Dufferin County


Dufferin County
Dufferin County
—  County  —
Location of Dufferin County
Country  Canada
Province  Ontario
County seat Orangeville
Municipalities
Area
 - Total 1,456.1 km2 (562.2 sq mi)
Time zone EST (UTC-5)
 - Summer (DST) EDT (UTC-4)
Website www.dufferincounty.on.ca

Dufferin County is a county and census division of the Canadian province of Ontario. The county seat is Orangeville, and the current Warden is Deputy Mayor Warren Maycock of the Town of Orangeville, Ontario[1]. The Current Chief Administrative Officer is Linda J. Dean [2]. Dufferin covers an area of 359,812 acres (562 sq mi; 1,456 km2), and its population is 54,436 (2006). Dufferin County is the highest plateau immediately west of Georgian Bay, and as such forms the watershed between the four lakes: Huron, Erie, Ontario and Simcoe. Four rivers — Saugeen, Grand, Credit and Nottawasaga — take their rise in Dufferin or in adjacent townships and drain through the county.

The county is a lofty table-land that is about 1,700 feet (518 m) above sea-level and about 1,400 feet (427 m) above the level of downtown Toronto. A continuation of the Caledon Mountains skirts the eastern side of the county. The highest peaks, however, are no match for the Blue Mountains north of Dufferin or the Caledon Mountains on the south.

The County of Dufferin, sits on the fringe of the Greater Toronto Area, about 100 kilometres northwest of Toronto. It consists of eight municipalities: three towns, Mono, Orangeville and Shelburne; and five rural townships, Amaranth, East Garafraxa, East Luther-Grand Valley, Melancthon and Mulmur. Dufferin is largely a rural county with three urban settlement areas, namely Grand Valley, Orangeville and Shelburne. The Town of Orangeville, the county seat, is situated on the southern border of the county and is the largest urban centre, with just over half the population. Although Orangeville dominates in terms of population, in area it is very small and geographically compact.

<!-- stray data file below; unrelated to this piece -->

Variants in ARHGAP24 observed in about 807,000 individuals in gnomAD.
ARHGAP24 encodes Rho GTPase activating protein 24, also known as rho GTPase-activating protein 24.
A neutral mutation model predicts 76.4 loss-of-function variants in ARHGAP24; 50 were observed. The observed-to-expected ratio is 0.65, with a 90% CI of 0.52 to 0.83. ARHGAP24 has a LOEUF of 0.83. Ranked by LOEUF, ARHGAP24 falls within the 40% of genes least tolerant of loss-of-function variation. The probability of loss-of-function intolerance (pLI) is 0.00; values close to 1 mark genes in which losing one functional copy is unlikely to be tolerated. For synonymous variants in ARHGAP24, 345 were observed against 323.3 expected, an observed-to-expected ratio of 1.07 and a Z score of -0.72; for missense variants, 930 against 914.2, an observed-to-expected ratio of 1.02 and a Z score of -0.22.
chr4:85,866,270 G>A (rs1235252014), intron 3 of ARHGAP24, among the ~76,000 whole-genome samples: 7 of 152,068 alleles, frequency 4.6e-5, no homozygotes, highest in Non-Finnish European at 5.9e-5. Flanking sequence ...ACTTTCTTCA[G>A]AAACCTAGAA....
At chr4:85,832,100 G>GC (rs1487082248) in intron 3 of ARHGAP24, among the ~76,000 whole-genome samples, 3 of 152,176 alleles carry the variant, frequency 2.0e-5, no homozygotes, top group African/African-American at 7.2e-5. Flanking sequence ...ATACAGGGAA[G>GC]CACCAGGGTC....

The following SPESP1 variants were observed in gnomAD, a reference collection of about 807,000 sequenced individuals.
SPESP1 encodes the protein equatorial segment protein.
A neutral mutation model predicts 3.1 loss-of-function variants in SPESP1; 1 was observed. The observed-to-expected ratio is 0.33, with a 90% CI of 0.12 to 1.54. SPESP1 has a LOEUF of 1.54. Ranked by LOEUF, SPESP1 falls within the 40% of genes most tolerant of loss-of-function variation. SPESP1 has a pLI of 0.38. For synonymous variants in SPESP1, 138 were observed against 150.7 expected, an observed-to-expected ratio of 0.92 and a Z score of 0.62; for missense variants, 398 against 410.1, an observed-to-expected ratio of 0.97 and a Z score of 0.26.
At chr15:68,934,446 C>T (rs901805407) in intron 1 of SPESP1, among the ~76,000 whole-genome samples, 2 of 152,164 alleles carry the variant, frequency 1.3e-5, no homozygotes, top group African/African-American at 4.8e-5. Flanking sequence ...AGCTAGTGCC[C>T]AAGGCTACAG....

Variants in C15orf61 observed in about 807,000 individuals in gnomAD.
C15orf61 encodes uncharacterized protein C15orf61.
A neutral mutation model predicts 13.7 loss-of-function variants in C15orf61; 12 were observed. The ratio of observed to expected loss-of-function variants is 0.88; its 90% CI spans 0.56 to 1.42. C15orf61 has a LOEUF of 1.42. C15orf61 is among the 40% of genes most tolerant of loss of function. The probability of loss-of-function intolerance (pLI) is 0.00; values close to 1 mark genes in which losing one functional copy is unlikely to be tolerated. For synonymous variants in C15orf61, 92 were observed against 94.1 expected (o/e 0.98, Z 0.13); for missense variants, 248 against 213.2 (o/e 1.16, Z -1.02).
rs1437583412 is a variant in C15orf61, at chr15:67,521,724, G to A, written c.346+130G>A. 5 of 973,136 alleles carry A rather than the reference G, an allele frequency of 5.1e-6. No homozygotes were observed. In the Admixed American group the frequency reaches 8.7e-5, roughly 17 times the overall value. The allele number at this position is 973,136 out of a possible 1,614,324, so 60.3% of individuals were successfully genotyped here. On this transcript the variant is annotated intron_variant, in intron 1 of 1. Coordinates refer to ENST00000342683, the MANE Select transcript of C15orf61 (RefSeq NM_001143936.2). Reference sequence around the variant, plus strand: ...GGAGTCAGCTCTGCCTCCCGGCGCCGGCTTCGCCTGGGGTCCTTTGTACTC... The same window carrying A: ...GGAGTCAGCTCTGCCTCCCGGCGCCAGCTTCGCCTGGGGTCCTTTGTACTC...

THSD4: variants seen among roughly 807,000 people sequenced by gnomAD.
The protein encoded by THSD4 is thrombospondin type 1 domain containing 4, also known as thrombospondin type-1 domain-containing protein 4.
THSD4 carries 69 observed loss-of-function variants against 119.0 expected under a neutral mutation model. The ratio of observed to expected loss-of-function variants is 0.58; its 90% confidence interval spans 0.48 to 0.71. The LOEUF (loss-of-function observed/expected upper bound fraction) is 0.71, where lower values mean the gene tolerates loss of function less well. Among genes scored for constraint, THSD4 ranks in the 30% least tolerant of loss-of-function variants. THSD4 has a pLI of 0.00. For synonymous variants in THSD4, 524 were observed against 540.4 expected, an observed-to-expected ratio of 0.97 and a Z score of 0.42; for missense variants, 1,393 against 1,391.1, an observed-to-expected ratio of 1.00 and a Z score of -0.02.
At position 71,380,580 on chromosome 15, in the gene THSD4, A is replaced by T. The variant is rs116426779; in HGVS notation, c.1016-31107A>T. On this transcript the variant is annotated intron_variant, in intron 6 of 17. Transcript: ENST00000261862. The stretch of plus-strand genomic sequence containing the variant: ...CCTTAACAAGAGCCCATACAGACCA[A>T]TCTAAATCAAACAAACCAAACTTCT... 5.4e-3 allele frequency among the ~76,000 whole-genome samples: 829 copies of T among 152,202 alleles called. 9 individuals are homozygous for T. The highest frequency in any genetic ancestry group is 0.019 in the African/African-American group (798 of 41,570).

Dufferin was formed in 1881 from parts of the counties of Grey and Simcoe, on the north and east, and from the County of Wellington on the south and west. The county gets its name from the Marquess of Dufferin, who was Governor General of Canada between 1872-1878. (Several local comedians have joked that Dufferin gets its name from a "headache remedy for Canadian golfers"; a portmanteau of duffer and Bufferin.) Originally an agriculturally based economy, Dufferin's economy has diversified to include commercial and retail businesses, industries related to residential and commercial construction (building, supplies, aggregates, real estate) and manufacturing. A portion of Dufferin’s economy still depends on agriculture but tourism is becoming more important as the county takes a more positive role in attracting visitors.

It consists of the following municipalities:

Historical townships

  • Amaranth Township, area: 63,471 acres (99 sq mi; 257 km2). Opened in 1821 and named from a common weed-plant (Amaranth) with green or purplish flowers, or it might be named after the "un-fading flower" of the classic poets. Settled mainly between 1840 and 1873. Communities were Orangeville, Laurel, Shelburne, Waldemar, Bowling Green
  • Township of East Garafraxa, area: 40,835 acres (64 sq mi; 165 km2). Opened in 1821. Settled mostly between 1833 and 1850. (community centre, Marsville)
  • Township of East Luther, area: 38,599 acres (60 sq mi; 156 km2). Settled mainly between 1860 and 1875. Community centres: Grand Valley, Monticello and Colbeck.
  • Township of Melancthon, area: 74,705 acres (117 sq mi; 302 km2). Opened in 1821 and named after one of the leaders of the German Reformation (Philipp Melanchthon). A swampy township like East Luther so it was slow to be settled. Not generally settled until after 1850. Community centres: Melancthon, Corbetton, Riverview, Hornings Mills.
  • Township of Mulmur, area: 70,291 acres (110 sq mi; 284 km2). Opened in 1822. Origin of the name is forgotten, possibly a corruption of an Indian word or name. Settled mainly after 1867. Community centres: Mansfield, Honeywood, Terra Nova, Primrose.

Source: Province of Ontario -- A History 1615 to 1927 by Jesse Edgar Middleton & Fred Landon, copyright 1927, Dominion Publishing Company, Toronto

See also

External links

Coordinates: 44°05′N 80°10′W / 44.083°N 80.167°W / 44.083; -80.167


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